Throughout this Olympic Games Jordyn Wieber has revealed her "strong character" as U.S. National Team Coordinator Martha Karolyi calls it. 

Coming in with enormous expectations, the reigning World Champion did not have the Olympic Games of her dreams. The only medal Wieber will take home to Michigan is a team gold. 

We saw Wieber rise to the occasion with spectacular performances during Team Finals and fight through individual disappointment while continuing to hold her head high and support her teammates. The 17-year-old handled defeat with class and maturity. 

Then as the London Olympics came to a close with Wieber's final performance in the floor exercise final, Coach John Geddert revealed that there was one more thing Wieber was fighting through: a likely stress fracture.  

Geddert shared that according to USA team doctor Larry Nassar, "there are all the signs of a stress fracture. She’s had soreness and now there is a lump there. So, she’ll be in a boot tomorrow, finish out the Games, get an x-ray, and then an MRI. It's the same leg as her heel injury. She’s been having problems since training camp."

Not competing in London was never an option. "She’s not going to not compete", he stated with certainty. "I didn’t want to dwell on it, and she neither did she. We rested it as much as we could. We didn’t do as many numbers as we normally would. And obviously it took it’s toll. She wasn't as polished as she normally is because we couldn’t train. I’m really proud of her team performance because she really dug down deep. Obviously, today she had a shot at a medal. If she’d have done the same routine she did in team she would’ve had a medal. But, I’m not making excuses. I don’t want to get into that. There are some great champions out there. I don’t want to draw away from their accomplishments."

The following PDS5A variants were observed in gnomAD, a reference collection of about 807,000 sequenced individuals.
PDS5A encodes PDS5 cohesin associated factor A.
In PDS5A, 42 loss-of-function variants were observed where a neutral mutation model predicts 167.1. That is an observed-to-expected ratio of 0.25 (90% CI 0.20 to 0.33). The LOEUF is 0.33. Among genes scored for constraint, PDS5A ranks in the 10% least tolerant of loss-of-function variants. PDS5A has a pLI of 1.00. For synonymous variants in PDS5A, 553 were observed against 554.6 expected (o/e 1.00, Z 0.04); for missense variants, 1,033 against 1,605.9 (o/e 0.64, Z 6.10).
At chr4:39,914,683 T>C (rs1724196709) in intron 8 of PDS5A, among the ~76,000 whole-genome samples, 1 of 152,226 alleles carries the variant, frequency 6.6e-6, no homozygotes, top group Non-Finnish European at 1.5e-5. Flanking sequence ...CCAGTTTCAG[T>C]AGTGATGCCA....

You can't help but view her situation as deja vu of 1991 World Champion Kim Zmeskal at the '92 Barcelona Olympic Games. Zmeskal came in touted as the favorite, and a stress fractured slowed her training and ultimately dashed her Olympic all around chances. 

When asked about the similarity to this, Geddert replied, "Well, it’s the sport of gymnastics. We’ve had the greatest ride of many, many people, so I guess we can’t complain. It’s just bad timing, bad karma, whatever you want to call it."

Wieber will still depart London as an Olympic Gold Medalist, but she will carry with her a lot of "what if's?". 

Coach Geddert shared, "she's disappointed. She probably feels unfulfilled. And I know her well enough that thats probably at the top of the list - disappointed and unfulfilled."


What's next for World Champion Wieber? First, six weeks in a walking boot, then the Kellogg's Tour of Gymnastics Champions, and then, as Geddert put it, "Then she’s got some decisions to make. She hasn’t come out and said exactly what she wants to do."

"It would be my hope (that she comes back). She’s still a senior in high school. I think she’s got another good year before she goes off to college, so an individual worlds is certainly a realistic goal for her. Not fulfilling her dreams here might add a little fuel to the fire. You know, these kids are all bred from the same cloth. They all get a little bit hungry when they don’t achieve what they want to get done."